Maoveni’s Lipstick Jihad is a compelling memoir of youth and life in Tehran. As one study guide states, “Azadeh is in many ways a typical teenager, trying desperately to fit in with her peers. She is embarrassed by her Iranianness, especially in the wake of the hostage crisis.”
Firoozeh Dumas’s light-hearted memoir Funny in Farsi is a highly comedic look at cultural difference. Dumas moved to America as a child in 1972. She chronicles hysterical stories of game shows, fast food, and cultural differences. Interviews, Youtube videos, and study guides for both of these authors can easily be found to share with students.
Modern Persian poetry is beautiful and rich in meaning. Forough Farrokhzad is an acclaimed poet with a tragic life story of divorce, love affairs, and death. The New York Times describes the author this way: “Farrokhzad was one of Iran’s pre-eminent mid-20th-century writers, both reviled and revered for her poems, which often dealt with female desire. Throughout her life she struggled with how her gender affected the reception of her work in a culture where women were often confined to traditional roles, but where there are few higher callings than the life of a poet” (2019).
I use the following quote in an essay prompt to encourage reflection and meaning:

In a Silenced land, rebellion is the voice of voiceless people, Its holler reverberates through the ups and downs of this silent land, only to enlighten the heart with the sound of love (Farrokhzad).

It is worth noting that author Tamin Ansary’s West of Kabul East of New York An Afghan American Story was an overwhelming success in the classroom. His memoir of immigration and cultural changes at the height of the Islamic Revolution in Iran is fascinating. He takes a harrowing journey through the Islamic Middle East to reunite with his Afghan family only to discover himself and his changed perspective. The story begins with the 9/11 attack and an emotional email he sent that would be shared with millions.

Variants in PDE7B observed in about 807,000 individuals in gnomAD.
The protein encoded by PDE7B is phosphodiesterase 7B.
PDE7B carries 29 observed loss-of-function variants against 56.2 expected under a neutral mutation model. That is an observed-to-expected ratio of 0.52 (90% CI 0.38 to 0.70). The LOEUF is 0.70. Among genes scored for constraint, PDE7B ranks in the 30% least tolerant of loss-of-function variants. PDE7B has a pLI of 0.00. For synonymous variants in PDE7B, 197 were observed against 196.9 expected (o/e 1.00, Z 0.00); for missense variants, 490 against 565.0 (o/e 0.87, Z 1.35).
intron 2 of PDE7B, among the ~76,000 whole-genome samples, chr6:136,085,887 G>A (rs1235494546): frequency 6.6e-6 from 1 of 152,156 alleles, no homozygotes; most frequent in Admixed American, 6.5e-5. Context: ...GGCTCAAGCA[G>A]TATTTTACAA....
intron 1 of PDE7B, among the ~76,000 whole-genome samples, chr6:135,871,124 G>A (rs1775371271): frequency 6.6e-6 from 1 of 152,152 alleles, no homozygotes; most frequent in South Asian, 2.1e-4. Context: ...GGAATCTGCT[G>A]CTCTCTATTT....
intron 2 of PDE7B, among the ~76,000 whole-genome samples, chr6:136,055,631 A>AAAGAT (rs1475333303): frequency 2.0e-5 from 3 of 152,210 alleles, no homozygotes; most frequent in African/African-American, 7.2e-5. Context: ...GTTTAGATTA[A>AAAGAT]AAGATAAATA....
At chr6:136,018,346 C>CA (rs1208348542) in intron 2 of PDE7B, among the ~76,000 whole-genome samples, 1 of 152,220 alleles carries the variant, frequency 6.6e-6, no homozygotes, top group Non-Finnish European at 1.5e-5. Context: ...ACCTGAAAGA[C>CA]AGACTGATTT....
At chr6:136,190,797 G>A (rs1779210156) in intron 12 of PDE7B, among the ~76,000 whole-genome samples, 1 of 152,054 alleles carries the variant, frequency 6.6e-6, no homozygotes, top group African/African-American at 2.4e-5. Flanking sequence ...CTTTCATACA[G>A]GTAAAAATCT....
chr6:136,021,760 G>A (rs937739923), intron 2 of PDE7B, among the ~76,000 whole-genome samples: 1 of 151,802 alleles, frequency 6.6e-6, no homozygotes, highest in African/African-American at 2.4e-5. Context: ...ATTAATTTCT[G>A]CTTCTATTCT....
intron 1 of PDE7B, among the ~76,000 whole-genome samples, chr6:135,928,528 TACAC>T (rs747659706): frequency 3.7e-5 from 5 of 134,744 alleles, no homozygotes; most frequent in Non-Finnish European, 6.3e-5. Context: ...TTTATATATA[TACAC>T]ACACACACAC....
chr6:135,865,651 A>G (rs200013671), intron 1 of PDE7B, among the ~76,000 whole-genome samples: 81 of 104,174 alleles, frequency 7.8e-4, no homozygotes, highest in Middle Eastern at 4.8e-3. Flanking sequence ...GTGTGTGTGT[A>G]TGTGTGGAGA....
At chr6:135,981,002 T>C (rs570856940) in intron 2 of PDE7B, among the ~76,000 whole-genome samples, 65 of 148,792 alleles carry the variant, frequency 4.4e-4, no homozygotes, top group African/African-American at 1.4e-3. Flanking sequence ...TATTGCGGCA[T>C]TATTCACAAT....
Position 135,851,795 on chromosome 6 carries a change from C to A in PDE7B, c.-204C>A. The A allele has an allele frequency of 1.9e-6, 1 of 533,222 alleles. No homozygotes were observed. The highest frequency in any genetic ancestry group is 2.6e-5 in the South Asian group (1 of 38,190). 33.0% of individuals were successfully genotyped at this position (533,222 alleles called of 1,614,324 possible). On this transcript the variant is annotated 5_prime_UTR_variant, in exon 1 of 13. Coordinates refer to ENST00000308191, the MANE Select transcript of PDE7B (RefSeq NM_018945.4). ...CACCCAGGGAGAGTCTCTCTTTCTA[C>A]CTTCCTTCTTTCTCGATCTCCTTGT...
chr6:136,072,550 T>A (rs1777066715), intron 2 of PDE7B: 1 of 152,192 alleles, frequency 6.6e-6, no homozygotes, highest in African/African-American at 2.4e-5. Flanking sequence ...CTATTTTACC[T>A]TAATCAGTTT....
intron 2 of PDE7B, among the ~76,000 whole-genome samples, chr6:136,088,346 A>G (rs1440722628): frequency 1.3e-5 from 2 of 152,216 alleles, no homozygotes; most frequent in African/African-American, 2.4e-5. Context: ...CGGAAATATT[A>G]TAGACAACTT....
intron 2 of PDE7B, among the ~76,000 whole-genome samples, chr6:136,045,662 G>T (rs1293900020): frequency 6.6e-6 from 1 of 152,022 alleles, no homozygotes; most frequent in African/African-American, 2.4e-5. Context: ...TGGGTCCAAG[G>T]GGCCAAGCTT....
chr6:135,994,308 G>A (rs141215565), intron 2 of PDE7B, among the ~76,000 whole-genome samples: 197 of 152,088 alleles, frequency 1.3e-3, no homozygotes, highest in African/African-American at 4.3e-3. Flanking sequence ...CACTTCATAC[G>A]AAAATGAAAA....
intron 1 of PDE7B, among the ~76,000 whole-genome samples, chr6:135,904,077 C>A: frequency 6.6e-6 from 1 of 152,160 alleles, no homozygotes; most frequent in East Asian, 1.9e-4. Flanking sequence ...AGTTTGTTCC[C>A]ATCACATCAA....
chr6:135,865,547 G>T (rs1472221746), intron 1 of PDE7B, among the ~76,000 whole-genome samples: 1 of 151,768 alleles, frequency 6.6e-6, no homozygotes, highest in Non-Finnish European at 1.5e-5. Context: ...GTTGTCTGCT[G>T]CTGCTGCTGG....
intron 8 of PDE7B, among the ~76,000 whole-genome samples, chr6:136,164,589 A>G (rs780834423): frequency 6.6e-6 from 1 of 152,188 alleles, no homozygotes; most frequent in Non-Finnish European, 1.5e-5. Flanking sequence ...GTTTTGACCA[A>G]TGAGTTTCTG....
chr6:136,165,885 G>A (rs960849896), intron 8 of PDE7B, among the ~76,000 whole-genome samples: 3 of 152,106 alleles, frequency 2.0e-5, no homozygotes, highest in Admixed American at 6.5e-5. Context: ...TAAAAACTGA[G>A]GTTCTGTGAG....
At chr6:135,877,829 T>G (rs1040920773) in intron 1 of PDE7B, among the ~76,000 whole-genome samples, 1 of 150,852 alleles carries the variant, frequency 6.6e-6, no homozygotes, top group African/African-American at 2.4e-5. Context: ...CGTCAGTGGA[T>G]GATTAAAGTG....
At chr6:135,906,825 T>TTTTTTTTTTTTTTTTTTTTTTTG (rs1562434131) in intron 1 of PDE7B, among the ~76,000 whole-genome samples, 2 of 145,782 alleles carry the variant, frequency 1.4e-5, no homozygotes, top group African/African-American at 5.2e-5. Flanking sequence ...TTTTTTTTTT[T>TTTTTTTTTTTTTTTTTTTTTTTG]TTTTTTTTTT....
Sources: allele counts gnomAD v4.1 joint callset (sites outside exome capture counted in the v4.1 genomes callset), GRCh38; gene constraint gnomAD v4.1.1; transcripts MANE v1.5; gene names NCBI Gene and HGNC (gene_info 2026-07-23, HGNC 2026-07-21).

Someone once said it is the English teacher’s role to allay ignorance and open minds. Current events can and will drive interest in topics and cultures with which students are unfamiliar. Over the past ten years, I have used Iranian literature in my courses and have always asked students to donate their books, but these books were so well received that no one ever donated them! For more information on day-to-day lesson plans, feel free to contact me. (See details in bio below.) 

Works Cited 
Ansary, M. T. (2002). West of Kabul, east of New York: An Afghan American story. New York: Farrar, Straus and Giroux.
Dumas, F. (2008). Funny in Farsi: A memoir of growing up Iranian in America. New York: Random House Trade Paperbacks.
Ferdowsi, A. & Davis, D. (2016). Shahnameh: The Persian book of kings. New York: Penguin Classics
Moaveni, A. (2009). Honeymoon in Tehran: Two years of love and danger in Iran. New York: Random House.
Moaveni, A. (2006). Lipstick Jihad: A memoir of growing up Iranian in American and American in Iran. New York: PublicAffairs.
Nafisi, A. (2003). Reading Lolita in Tehran: A memoir in books. New York: Random House.
Nafisi, A. (2008). Things I’ve been silent about: Memories. New York: Random House.

Michelle Bianco is full-time faculty for the Composition Department at Purdue University Global. She teaches undergraduate courses in composition and participates in outreach programs and curriculum discussions. Bianco taught for 12 years before going into administration as a director of curriculum and instruction; she has expertise in Course Management Portals, A-G Requirements, and Articulation Agreements. Reach her at [email protected]

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It is the policy of NCTE in all publications, including the Literacy & NCTE blog, to provide a forum for the open discussion of ideas concerning the content and the teaching of English and the language arts. Publicity accorded to any particular point of view does not imply endorsement by the Executive Committee, the Board of Directors, the staff, or the membership at large, except in announcements of policy, where such endorsement is clearly specified.